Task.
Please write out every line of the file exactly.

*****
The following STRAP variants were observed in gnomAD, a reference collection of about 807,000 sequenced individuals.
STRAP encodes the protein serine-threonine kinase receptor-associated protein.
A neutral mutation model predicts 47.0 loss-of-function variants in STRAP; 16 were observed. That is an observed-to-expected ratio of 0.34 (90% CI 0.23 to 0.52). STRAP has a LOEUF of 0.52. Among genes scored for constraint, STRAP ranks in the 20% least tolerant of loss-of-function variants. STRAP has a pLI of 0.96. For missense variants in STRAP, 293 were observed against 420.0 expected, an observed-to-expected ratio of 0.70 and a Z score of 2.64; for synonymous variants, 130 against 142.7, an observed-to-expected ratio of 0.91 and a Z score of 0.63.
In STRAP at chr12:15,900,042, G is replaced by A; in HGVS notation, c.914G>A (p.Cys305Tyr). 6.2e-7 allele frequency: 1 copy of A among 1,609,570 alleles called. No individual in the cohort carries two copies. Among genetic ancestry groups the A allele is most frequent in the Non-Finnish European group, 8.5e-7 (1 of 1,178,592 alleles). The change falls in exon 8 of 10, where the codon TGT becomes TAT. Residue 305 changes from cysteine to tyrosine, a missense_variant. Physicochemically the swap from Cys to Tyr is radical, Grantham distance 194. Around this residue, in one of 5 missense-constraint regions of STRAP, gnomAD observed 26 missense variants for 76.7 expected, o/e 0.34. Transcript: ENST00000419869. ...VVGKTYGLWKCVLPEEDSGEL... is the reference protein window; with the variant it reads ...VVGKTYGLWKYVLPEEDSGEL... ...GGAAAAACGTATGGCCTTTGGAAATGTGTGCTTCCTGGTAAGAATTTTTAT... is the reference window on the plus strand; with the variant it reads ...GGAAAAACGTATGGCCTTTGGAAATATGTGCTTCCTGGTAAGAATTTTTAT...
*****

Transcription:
The following STRAP variants were observed in gnomAD, a reference collection of about 807,000 sequenced individuals.
STRAP encodes the protein serine-threonine kinase receptor-associated protein.
A neutral mutation model predicts 47.0 loss-of-function variants in STRAP; 16 were observed. That is an observed-to-expected ratio of 0.34 (90% CI 0.23 to 0.52). STRAP has a LOEUF of 0.52. Among genes scored for constraint, STRAP ranks in the 20% least tolerant of loss-of-function variants. STRAP has a pLI of 0.96. For missense variants in STRAP, 293 were observed against 420.0 expected, an observed-to-expected ratio of 0.70 and a Z score of 2.64; for synonymous variants, 130 against 142.7, an observed-to-expected ratio of 0.91 and a Z score of 0.63.
In STRAP at chr12:15,900,042, G is replaced by A; in HGVS notation, c.914G>A (p.Cys305Tyr). 6.2e-7 allele frequency: 1 copy of A among 1,609,570 alleles called. No individual in the cohort carries two copies. Among genetic ancestry groups the A allele is most frequent in the Non-Finnish European group, 8.5e-7 (1 of 1,178,592 alleles). The change falls in exon 8 of 10, where the codon TGT becomes TAT. Residue 305 changes from cysteine to tyrosine, a missense_variant. Physicochemically the swap from Cys to Tyr is radical, Grantham distance 194. Around this residue, in one of 5 missense-constraint regions of STRAP, gnomAD observed 26 missense variants for 76.7 expected, o/e 0.34. Transcript: ENST00000419869. ...VVGKTYGLWKCVLPEEDSGEL... is the reference protein window; with the variant it reads ...VVGKTYGLWKYVLPEEDSGEL... ...GGAAAAACGTATGGCCTTTGGAAATGTGTGCTTCCTGGTAAGAATTTTTAT... is the reference window on the plus strand; with the variant it reads ...GGAAAAACGTATGGCCTTTGGAAATATGTGCTTCCTGGTAAGAATTTTTAT...